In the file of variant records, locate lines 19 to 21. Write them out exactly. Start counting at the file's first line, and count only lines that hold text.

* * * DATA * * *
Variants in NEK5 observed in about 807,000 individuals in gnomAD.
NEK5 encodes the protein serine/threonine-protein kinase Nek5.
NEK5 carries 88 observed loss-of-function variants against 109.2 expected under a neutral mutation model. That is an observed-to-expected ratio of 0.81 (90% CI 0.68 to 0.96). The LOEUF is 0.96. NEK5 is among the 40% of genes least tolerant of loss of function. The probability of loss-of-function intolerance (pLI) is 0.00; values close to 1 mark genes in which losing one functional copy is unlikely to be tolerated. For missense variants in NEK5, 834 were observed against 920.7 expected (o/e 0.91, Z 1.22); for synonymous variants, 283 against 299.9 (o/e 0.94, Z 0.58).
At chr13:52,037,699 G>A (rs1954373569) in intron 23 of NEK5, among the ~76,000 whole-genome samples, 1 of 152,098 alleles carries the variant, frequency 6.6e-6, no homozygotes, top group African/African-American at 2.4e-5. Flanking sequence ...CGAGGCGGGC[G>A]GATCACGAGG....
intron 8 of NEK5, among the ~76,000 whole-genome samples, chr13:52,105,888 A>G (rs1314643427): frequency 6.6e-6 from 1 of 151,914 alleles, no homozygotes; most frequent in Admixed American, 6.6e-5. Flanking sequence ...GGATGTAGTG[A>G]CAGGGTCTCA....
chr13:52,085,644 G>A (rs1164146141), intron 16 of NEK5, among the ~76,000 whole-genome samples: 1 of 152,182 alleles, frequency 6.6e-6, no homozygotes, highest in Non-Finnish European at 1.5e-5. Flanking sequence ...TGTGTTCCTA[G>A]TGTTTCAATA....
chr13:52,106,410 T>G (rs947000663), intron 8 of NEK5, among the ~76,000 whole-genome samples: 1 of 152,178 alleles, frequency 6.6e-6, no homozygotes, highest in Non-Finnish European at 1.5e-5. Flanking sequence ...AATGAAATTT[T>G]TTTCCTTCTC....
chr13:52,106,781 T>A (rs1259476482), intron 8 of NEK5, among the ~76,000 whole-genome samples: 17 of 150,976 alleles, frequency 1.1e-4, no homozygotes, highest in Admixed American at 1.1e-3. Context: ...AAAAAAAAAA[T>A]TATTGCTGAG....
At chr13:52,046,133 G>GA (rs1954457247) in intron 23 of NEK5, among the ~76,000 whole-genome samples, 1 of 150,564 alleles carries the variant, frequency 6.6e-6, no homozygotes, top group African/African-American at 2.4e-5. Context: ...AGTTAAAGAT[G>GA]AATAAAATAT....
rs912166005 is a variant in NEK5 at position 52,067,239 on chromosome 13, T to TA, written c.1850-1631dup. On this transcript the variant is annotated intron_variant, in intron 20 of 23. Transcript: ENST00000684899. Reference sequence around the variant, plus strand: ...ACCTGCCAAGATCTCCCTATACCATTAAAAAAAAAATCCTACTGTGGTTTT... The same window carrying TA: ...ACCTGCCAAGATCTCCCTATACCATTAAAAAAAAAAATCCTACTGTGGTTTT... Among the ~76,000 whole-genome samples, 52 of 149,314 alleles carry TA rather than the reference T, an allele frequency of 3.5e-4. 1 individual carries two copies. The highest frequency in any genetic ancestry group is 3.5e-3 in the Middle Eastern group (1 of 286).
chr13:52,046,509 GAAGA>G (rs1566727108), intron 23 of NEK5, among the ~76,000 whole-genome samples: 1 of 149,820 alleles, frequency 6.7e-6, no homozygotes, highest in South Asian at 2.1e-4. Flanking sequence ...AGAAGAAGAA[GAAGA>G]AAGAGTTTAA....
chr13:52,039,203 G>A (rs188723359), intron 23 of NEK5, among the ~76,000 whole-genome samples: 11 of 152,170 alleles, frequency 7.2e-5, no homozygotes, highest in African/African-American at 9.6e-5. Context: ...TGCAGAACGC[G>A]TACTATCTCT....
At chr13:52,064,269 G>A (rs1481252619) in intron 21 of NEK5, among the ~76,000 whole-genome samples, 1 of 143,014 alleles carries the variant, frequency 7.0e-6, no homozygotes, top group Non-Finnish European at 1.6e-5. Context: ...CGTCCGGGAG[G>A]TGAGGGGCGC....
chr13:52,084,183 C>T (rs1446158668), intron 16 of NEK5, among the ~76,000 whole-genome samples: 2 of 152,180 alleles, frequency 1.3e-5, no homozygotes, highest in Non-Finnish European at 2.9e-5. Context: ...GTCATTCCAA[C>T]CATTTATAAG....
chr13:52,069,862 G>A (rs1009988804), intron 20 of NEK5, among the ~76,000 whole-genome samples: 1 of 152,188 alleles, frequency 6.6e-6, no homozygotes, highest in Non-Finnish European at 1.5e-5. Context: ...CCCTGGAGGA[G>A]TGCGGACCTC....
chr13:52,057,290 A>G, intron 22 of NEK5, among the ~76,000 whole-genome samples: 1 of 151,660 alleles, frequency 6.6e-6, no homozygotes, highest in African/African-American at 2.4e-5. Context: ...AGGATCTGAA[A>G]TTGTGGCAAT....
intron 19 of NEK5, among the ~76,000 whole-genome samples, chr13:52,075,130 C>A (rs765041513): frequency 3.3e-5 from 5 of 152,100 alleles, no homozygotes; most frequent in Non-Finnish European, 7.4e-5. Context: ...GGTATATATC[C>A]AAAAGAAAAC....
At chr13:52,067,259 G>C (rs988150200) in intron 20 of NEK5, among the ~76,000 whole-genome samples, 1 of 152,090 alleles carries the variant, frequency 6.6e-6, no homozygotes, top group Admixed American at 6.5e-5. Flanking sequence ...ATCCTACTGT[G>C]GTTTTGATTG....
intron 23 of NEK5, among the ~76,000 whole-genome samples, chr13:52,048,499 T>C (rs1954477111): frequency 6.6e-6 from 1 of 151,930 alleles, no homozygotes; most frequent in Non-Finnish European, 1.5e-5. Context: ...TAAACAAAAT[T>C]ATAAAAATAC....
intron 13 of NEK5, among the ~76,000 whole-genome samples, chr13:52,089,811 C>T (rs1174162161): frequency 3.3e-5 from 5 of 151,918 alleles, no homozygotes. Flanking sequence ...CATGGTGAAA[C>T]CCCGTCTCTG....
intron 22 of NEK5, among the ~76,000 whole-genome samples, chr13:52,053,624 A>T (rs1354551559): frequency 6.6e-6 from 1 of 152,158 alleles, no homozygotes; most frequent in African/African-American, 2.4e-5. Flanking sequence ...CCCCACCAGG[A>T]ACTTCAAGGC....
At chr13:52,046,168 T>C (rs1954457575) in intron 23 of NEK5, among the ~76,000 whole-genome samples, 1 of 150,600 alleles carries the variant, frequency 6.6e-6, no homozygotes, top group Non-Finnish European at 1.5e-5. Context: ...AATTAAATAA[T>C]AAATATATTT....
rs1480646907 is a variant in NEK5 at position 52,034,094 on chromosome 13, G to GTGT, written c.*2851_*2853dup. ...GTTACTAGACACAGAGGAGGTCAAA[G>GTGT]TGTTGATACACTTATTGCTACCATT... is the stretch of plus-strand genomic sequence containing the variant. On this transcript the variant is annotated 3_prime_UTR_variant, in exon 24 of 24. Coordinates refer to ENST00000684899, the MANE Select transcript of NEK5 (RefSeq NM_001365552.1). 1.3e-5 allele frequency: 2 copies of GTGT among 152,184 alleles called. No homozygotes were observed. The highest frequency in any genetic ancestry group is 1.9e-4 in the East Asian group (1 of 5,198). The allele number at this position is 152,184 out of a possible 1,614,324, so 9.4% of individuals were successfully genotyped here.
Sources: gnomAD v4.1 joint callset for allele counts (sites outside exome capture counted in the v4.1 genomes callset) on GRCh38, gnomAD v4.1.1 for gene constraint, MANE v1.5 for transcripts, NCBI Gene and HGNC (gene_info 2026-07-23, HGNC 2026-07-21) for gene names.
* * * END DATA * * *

intron 23 of NEK5, among the ~76,000 whole-genome samples, chr13:52,048,499 T>C (rs1954477111): frequency 6.6e-6 from 1 of 151,930 alleles, no homozygotes; most frequent in Non-Finnish European, 1.5e-5. Context: ...TAAACAAAAT[T>C]ATAAAAATAC....
intron 13 of NEK5, among the ~76,000 whole-genome samples, chr13:52,089,811 C>T (rs1174162161): frequency 3.3e-5 from 5 of 151,918 alleles, no homozygotes. Flanking sequence ...CATGGTGAAA[C>T]CCCGTCTCTG....
intron 22 of NEK5, among the ~76,000 whole-genome samples, chr13:52,053,624 A>T (rs1354551559): frequency 6.6e-6 from 1 of 152,158 alleles, no homozygotes; most frequent in African/African-American, 2.4e-5. Flanking sequence ...CCCCACCAGG[A>T]ACTTCAAGGC....